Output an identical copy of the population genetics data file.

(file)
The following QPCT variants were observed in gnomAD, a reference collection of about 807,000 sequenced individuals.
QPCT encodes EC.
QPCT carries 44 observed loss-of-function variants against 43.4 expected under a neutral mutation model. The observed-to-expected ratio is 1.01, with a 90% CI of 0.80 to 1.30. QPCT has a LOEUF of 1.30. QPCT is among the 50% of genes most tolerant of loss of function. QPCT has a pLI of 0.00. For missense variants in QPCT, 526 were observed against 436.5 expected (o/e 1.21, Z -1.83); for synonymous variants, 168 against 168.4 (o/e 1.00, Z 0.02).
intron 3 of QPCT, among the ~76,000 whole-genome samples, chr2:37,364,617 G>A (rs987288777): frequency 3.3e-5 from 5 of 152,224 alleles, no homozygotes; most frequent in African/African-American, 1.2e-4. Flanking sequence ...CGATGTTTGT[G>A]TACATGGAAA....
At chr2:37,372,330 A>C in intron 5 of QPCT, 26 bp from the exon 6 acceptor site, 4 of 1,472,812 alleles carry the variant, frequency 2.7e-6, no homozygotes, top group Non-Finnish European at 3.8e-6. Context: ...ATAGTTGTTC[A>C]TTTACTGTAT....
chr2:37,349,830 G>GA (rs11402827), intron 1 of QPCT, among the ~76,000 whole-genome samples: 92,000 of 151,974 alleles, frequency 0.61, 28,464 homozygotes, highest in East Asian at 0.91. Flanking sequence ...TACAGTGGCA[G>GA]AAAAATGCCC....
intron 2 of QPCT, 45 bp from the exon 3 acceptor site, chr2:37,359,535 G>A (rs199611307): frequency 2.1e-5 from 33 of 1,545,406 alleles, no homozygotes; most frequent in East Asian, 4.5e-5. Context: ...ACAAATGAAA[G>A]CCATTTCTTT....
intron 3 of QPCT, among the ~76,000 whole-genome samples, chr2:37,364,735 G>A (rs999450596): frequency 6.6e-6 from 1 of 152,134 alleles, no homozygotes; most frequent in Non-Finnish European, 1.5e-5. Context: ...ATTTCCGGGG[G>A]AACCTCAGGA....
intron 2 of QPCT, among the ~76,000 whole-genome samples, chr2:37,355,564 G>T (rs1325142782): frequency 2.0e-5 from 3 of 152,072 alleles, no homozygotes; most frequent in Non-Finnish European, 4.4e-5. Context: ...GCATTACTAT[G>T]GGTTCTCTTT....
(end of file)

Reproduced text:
The following QPCT variants were observed in gnomAD, a reference collection of about 807,000 sequenced individuals.
QPCT encodes EC.
QPCT carries 44 observed loss-of-function variants against 43.4 expected under a neutral mutation model. The observed-to-expected ratio is 1.01, with a 90% CI of 0.80 to 1.30. QPCT has a LOEUF of 1.30. QPCT is among the 50% of genes most tolerant of loss of function. QPCT has a pLI of 0.00. For missense variants in QPCT, 526 were observed against 436.5 expected (o/e 1.21, Z -1.83); for synonymous variants, 168 against 168.4 (o/e 1.00, Z 0.02).
intron 3 of QPCT, among the ~76,000 whole-genome samples, chr2:37,364,617 G>A (rs987288777): frequency 3.3e-5 from 5 of 152,224 alleles, no homozygotes; most frequent in African/African-American, 1.2e-4. Flanking sequence ...CGATGTTTGT[G>A]TACATGGAAA....
At chr2:37,372,330 A>C in intron 5 of QPCT, 26 bp from the exon 6 acceptor site, 4 of 1,472,812 alleles carry the variant, frequency 2.7e-6, no homozygotes, top group Non-Finnish European at 3.8e-6. Context: ...ATAGTTGTTC[A>C]TTTACTGTAT....
chr2:37,349,830 G>GA (rs11402827), intron 1 of QPCT, among the ~76,000 whole-genome samples: 92,000 of 151,974 alleles, frequency 0.61, 28,464 homozygotes, highest in East Asian at 0.91. Flanking sequence ...TACAGTGGCA[G>GA]AAAAATGCCC....
intron 2 of QPCT, 45 bp from the exon 3 acceptor site, chr2:37,359,535 G>A (rs199611307): frequency 2.1e-5 from 33 of 1,545,406 alleles, no homozygotes; most frequent in East Asian, 4.5e-5. Context: ...ACAAATGAAA[G>A]CCATTTCTTT....
intron 3 of QPCT, among the ~76,000 whole-genome samples, chr2:37,364,735 G>A (rs999450596): frequency 6.6e-6 from 1 of 152,134 alleles, no homozygotes; most frequent in Non-Finnish European, 1.5e-5. Context: ...ATTTCCGGGG[G>A]AACCTCAGGA....
intron 2 of QPCT, among the ~76,000 whole-genome samples, chr2:37,355,564 G>T (rs1325142782): frequency 2.0e-5 from 3 of 152,072 alleles, no homozygotes; most frequent in Non-Finnish European, 4.4e-5. Context: ...GCATTACTAT[G>T]GGTTCTCTTT....